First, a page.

ROCKLEDGE, Fla. -- A local veterinarian is giving dog owners a warning about the dangers of saltwater poisoning.
- Tampa dog died earlier this month from saltwater poisoning
- Symptoms can start hours after poisoning begins
- Can lead to kidney damage, seizures, or death
- Keep your dogs hydrated, shaded, and watch out for warning signs
Just this month, a dog in Tampa died after spending the day at the beach.
Now that a part of Cocoa Beach is dog friendly for the next six months, many dog owners will be bringing their pets to the beach for the first time.
As Rockledge veterinarian Dr. Martha Kehoe explains, symptoms of saltwater poisoning can start several hours after poisoning begins. If not treated in time, it can lead to kidney damage, seizures and even death.
Katie Holley brings her two-year-old corgi, Poppy, to the beach every week. She says she always packs water and a collapsible bowl.
Holley is aware that dogs consume saltwater while swimming chasing bubbles and digging in the sand but is surprised not everyone knows that salt is high quantities is dangerous.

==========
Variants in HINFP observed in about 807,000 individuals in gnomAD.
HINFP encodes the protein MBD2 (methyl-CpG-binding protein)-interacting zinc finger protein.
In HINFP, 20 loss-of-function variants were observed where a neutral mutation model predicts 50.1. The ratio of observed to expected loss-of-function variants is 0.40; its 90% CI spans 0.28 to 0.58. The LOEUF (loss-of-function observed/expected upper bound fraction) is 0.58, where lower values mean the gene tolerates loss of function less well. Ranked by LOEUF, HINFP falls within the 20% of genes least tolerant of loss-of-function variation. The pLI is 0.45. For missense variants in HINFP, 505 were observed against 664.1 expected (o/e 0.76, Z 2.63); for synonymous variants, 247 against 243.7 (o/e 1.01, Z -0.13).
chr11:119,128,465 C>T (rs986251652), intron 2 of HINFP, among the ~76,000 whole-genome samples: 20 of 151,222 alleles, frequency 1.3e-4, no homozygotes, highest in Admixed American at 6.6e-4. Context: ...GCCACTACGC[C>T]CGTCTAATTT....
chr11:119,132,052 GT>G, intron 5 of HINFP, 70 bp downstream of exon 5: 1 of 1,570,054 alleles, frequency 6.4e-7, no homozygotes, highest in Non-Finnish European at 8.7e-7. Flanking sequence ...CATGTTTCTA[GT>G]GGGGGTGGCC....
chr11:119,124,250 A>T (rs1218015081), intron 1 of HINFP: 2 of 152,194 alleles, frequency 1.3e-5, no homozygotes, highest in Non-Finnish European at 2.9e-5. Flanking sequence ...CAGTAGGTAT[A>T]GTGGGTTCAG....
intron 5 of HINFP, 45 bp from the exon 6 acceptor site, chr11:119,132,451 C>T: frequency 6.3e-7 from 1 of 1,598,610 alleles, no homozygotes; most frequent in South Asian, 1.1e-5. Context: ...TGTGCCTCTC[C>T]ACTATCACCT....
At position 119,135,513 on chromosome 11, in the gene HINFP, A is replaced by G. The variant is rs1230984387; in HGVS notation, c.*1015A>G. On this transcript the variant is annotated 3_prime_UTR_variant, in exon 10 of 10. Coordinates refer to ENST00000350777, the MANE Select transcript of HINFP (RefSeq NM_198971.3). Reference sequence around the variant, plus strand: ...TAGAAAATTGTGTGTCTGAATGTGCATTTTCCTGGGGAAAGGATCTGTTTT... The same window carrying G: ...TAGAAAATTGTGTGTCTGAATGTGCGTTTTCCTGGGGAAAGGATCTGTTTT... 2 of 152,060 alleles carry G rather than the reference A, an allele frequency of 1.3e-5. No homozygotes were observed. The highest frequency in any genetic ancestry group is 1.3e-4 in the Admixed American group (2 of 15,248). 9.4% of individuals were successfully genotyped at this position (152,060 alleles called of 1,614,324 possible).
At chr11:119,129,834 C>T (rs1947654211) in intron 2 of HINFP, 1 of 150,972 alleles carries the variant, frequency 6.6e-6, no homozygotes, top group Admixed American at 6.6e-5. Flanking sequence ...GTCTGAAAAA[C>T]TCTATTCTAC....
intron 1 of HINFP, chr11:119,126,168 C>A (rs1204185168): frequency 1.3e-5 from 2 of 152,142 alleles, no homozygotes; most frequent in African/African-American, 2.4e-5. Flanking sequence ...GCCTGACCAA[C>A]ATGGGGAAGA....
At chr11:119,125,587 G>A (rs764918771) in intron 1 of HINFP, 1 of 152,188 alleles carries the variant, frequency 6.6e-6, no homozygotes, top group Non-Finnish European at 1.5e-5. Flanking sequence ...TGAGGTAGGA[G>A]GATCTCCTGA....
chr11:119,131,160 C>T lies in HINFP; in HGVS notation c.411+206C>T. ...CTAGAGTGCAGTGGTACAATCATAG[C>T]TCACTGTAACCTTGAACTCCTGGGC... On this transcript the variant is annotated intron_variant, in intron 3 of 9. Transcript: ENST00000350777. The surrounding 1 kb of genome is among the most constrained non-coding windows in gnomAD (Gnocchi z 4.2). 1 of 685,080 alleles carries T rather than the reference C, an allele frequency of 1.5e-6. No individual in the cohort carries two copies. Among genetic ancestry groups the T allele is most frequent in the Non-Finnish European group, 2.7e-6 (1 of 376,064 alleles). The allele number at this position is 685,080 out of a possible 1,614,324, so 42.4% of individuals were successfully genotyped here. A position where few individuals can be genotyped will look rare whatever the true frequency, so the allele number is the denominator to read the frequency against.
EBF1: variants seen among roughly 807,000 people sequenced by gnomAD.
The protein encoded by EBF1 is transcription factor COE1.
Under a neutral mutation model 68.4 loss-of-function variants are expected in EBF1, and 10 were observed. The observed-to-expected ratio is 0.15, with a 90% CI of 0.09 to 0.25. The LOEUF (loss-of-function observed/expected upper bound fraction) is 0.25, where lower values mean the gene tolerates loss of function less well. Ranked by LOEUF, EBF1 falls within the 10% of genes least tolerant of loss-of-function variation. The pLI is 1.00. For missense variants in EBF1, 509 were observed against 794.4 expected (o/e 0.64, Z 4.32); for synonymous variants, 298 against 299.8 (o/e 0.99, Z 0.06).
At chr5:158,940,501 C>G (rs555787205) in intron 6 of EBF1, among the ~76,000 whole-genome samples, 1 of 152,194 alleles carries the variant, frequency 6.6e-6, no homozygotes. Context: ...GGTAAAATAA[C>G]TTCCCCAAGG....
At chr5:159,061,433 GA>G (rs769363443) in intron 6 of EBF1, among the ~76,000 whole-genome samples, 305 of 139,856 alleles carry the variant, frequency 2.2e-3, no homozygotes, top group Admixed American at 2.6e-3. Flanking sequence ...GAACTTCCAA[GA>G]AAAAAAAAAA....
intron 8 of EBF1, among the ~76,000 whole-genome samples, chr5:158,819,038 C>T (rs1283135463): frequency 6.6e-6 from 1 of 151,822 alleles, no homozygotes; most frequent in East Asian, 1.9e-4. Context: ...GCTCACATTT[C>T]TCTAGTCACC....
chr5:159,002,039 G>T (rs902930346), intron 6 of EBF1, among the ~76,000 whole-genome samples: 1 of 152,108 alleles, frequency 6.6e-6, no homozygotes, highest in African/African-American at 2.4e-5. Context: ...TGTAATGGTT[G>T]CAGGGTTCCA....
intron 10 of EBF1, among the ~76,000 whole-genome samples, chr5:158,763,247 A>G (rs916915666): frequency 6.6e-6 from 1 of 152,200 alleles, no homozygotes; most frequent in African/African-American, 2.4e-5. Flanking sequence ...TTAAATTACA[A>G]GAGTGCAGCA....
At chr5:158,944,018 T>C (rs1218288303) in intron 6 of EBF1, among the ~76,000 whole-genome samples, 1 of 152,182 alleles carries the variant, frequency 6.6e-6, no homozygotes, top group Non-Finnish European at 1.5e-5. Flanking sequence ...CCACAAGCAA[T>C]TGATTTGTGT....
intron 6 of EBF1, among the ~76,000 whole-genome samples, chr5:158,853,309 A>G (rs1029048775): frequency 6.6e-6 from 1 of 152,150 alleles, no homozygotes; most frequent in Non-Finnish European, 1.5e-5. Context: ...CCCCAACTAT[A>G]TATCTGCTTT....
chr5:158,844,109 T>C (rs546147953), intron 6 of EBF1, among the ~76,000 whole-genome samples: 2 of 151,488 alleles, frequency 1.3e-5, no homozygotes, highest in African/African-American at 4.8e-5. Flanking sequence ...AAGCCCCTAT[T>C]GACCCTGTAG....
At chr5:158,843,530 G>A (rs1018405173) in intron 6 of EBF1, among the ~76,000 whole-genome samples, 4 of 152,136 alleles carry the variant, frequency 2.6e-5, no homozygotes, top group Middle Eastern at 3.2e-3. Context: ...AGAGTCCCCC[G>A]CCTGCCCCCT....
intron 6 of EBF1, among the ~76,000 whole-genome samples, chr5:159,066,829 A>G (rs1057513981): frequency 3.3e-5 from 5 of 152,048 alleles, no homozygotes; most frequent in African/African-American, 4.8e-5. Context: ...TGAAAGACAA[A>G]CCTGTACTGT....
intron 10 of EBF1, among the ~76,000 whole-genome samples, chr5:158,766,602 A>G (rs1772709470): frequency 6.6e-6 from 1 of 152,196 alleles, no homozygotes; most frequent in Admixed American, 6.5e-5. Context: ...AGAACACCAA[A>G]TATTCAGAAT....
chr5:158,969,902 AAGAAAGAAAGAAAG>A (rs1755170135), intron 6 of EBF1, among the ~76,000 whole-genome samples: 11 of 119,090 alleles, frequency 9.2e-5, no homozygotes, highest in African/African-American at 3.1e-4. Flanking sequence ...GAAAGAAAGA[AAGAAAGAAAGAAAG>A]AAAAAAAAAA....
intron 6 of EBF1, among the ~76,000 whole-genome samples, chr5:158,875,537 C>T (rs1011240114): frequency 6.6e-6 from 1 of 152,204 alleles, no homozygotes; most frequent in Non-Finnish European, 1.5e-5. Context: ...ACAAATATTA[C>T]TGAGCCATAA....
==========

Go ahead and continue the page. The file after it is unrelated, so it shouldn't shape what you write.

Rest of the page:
"I look at her pupils to make sure they are not dilated, I take her outside and hose her down and make sure she has lots of water," Holley said.
There are a few things to keep in mind if you do take your dog to the beach:
Limit your time at the beach to two hours or less. Keep your dog hydrated and have shade available to prevent overheating. Watch out for signs of distress like excessive panting, lethargy, vomiting and diarrhea.
"If they start having aggressive panting, eventually they collapse," Kehoe said.
If your dog is displaying any of these symptoms, take them to the vet immediately.
Did you know that if you’re not careful with your dog, a day at the beach could turn deadly? @MyNews13 explains how to keep your furry friend safe this Summer. pic.twitter.com/9dvDDeV26d— Krystel Knowles (@KnowlesKrystel) July 22, 2018